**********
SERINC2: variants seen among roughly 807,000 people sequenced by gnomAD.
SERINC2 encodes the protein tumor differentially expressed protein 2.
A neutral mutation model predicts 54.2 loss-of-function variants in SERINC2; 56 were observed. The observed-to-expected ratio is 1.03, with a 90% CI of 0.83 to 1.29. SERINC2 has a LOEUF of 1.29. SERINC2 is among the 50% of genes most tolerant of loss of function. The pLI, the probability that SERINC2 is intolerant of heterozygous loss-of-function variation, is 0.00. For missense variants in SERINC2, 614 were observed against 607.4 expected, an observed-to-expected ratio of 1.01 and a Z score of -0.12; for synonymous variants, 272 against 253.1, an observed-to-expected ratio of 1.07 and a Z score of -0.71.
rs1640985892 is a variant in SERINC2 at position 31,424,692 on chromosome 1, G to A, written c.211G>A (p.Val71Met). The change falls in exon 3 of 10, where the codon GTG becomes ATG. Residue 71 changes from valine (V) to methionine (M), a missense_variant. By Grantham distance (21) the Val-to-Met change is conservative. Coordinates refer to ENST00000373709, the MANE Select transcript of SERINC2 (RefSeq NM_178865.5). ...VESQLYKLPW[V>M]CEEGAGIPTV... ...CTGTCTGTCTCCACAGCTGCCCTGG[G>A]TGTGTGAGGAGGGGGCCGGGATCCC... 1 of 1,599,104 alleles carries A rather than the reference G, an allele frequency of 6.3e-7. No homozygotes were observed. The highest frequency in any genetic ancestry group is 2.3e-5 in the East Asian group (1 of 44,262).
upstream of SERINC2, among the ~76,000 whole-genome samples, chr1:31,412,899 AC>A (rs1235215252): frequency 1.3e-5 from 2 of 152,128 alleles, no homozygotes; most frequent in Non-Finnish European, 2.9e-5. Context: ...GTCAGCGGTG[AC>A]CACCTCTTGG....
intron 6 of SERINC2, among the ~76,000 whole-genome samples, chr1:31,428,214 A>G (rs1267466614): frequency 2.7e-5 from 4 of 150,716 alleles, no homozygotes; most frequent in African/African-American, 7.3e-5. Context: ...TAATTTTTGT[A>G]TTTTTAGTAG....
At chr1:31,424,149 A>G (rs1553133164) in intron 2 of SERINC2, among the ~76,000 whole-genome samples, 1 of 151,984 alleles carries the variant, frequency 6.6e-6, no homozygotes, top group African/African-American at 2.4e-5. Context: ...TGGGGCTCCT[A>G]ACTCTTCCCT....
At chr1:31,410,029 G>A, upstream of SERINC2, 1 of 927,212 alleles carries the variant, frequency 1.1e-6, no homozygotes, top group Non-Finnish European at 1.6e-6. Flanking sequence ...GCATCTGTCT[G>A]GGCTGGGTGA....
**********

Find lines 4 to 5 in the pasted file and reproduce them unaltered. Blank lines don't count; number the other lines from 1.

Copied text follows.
rs1640985892 is a variant in SERINC2 at position 31,424,692 on chromosome 1, G to A, written c.211G>A (p.Val71Met). The change falls in exon 3 of 10, where the codon GTG becomes ATG. Residue 71 changes from valine (V) to methionine (M), a missense_variant. By Grantham distance (21) the Val-to-Met change is conservative. Coordinates refer to ENST00000373709, the MANE Select transcript of SERINC2 (RefSeq NM_178865.5). ...VESQLYKLPW[V>M]CEEGAGIPTV... ...CTGTCTGTCTCCACAGCTGCCCTGG[G>A]TGTGTGAGGAGGGGGCCGGGATCCC... 1 of 1,599,104 alleles carries A rather than the reference G, an allele frequency of 6.3e-7. No homozygotes were observed. The highest frequency in any genetic ancestry group is 2.3e-5 in the East Asian group (1 of 44,262).
upstream of SERINC2, among the ~76,000 whole-genome samples, chr1:31,412,899 AC>A (rs1235215252): frequency 1.3e-5 from 2 of 152,128 alleles, no homozygotes; most frequent in Non-Finnish European, 2.9e-5. Context: ...GTCAGCGGTG[AC>A]CACCTCTTGG....